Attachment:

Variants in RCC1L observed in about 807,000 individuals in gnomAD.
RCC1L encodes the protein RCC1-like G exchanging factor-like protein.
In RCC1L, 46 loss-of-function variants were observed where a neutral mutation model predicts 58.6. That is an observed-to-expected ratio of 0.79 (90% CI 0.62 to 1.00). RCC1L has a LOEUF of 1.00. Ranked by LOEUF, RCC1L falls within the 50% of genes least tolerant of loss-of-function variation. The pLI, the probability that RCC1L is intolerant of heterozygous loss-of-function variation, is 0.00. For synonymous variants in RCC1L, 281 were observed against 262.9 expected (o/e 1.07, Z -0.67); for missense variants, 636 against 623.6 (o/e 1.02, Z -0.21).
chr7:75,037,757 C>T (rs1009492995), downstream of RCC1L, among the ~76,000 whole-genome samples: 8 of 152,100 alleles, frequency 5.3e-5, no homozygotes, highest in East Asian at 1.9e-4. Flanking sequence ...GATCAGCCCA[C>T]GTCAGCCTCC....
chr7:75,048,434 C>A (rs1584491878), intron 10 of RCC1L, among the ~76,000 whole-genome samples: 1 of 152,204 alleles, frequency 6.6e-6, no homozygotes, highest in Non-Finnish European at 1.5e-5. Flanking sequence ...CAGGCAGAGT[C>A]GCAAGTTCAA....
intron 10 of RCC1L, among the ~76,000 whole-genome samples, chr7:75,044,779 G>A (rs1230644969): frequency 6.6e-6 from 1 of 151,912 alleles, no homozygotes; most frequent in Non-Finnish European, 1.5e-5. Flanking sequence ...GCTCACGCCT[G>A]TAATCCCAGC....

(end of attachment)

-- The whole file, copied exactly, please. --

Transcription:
Variants in RCC1L observed in about 807,000 individuals in gnomAD.
RCC1L encodes the protein RCC1-like G exchanging factor-like protein.
In RCC1L, 46 loss-of-function variants were observed where a neutral mutation model predicts 58.6. That is an observed-to-expected ratio of 0.79 (90% CI 0.62 to 1.00). RCC1L has a LOEUF of 1.00. Ranked by LOEUF, RCC1L falls within the 50% of genes least tolerant of loss-of-function variation. The pLI, the probability that RCC1L is intolerant of heterozygous loss-of-function variation, is 0.00. For synonymous variants in RCC1L, 281 were observed against 262.9 expected (o/e 1.07, Z -0.67); for missense variants, 636 against 623.6 (o/e 1.02, Z -0.21).
chr7:75,037,757 C>T (rs1009492995), downstream of RCC1L, among the ~76,000 whole-genome samples: 8 of 152,100 alleles, frequency 5.3e-5, no homozygotes, highest in East Asian at 1.9e-4. Flanking sequence ...GATCAGCCCA[C>T]GTCAGCCTCC....
chr7:75,048,434 C>A (rs1584491878), intron 10 of RCC1L, among the ~76,000 whole-genome samples: 1 of 152,204 alleles, frequency 6.6e-6, no homozygotes, highest in Non-Finnish European at 1.5e-5. Flanking sequence ...CAGGCAGAGT[C>A]GCAAGTTCAA....
intron 10 of RCC1L, among the ~76,000 whole-genome samples, chr7:75,044,779 G>A (rs1230644969): frequency 6.6e-6 from 1 of 151,912 alleles, no homozygotes; most frequent in Non-Finnish European, 1.5e-5. Flanking sequence ...GCTCACGCCT[G>A]TAATCCCAGC....